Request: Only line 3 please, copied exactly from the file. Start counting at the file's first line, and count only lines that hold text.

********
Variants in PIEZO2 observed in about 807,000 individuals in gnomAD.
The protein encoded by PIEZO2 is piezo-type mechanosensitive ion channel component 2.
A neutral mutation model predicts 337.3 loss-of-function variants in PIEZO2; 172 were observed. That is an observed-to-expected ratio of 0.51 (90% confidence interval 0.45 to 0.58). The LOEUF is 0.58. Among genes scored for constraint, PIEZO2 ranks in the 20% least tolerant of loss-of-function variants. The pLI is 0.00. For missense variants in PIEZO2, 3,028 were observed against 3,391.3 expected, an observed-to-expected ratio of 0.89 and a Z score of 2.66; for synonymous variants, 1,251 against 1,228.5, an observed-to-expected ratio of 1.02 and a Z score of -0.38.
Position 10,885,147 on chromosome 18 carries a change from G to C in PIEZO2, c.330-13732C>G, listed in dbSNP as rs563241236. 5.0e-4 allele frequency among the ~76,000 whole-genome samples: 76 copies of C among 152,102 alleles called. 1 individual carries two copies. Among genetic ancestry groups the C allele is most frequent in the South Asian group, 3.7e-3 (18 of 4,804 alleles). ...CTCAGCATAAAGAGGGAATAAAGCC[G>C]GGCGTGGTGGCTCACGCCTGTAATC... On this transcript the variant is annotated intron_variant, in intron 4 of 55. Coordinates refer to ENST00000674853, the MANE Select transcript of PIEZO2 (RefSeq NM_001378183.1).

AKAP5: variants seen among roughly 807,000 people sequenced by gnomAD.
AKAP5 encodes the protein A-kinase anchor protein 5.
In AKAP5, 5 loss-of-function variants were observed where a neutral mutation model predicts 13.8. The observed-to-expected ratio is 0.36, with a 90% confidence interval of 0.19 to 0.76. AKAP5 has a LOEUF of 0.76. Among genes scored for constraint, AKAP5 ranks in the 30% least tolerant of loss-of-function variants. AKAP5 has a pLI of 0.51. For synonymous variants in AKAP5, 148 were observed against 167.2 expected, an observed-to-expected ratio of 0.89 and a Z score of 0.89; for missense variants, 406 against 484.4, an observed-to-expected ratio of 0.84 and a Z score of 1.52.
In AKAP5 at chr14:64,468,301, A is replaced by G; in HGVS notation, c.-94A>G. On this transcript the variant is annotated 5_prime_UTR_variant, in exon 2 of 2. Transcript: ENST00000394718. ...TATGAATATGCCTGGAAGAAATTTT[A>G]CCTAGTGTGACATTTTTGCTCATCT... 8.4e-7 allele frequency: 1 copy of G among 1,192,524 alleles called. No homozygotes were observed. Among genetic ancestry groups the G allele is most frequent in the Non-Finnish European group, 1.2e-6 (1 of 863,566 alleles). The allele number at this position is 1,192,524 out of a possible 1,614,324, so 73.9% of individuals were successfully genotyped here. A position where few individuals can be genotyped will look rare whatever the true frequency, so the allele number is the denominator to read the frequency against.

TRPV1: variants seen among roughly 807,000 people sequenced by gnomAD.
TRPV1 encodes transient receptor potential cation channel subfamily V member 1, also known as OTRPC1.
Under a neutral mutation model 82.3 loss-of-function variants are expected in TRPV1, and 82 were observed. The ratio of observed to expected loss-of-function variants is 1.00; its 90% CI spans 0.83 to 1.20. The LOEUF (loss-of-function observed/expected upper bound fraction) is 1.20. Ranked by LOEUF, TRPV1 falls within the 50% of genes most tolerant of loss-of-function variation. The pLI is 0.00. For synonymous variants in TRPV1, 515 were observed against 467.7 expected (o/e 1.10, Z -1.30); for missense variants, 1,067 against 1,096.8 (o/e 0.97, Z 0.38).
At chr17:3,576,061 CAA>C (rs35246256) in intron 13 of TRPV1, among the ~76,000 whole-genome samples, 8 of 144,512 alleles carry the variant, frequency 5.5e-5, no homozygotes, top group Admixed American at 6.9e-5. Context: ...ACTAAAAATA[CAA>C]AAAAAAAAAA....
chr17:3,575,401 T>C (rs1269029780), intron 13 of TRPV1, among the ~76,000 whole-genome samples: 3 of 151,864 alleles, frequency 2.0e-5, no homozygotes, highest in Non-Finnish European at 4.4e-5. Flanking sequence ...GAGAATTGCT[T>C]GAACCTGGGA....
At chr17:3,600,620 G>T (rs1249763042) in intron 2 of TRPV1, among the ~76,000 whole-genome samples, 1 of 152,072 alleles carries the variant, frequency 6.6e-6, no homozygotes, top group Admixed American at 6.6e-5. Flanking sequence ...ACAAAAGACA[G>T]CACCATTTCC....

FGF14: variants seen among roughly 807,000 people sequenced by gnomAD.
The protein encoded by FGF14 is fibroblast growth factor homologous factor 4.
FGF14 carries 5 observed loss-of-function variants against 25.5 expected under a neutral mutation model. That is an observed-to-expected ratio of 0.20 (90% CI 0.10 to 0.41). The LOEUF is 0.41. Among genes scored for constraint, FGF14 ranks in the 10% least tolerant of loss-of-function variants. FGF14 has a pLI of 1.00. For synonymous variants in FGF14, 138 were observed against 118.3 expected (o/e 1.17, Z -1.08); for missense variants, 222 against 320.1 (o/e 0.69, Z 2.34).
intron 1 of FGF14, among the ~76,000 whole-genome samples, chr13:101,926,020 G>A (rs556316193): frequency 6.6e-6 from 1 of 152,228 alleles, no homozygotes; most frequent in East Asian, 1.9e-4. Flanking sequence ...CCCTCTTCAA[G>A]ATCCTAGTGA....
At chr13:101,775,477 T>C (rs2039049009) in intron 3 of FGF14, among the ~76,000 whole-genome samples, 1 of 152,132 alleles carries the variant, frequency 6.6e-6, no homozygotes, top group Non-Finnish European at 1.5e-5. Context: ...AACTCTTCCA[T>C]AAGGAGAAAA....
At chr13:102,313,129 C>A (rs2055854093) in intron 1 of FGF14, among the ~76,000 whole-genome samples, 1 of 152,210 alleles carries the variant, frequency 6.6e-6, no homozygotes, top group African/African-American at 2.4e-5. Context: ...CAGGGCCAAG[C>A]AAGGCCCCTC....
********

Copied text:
A neutral mutation model predicts 337.3 loss-of-function variants in PIEZO2; 172 were observed. That is an observed-to-expected ratio of 0.51 (90% confidence interval 0.45 to 0.58). The LOEUF is 0.58. Among genes scored for constraint, PIEZO2 ranks in the 20% least tolerant of loss-of-function variants. The pLI is 0.00. For missense variants in PIEZO2, 3,028 were observed against 3,391.3 expected, an observed-to-expected ratio of 0.89 and a Z score of 2.66; for synonymous variants, 1,251 against 1,228.5, an observed-to-expected ratio of 1.02 and a Z score of -0.38.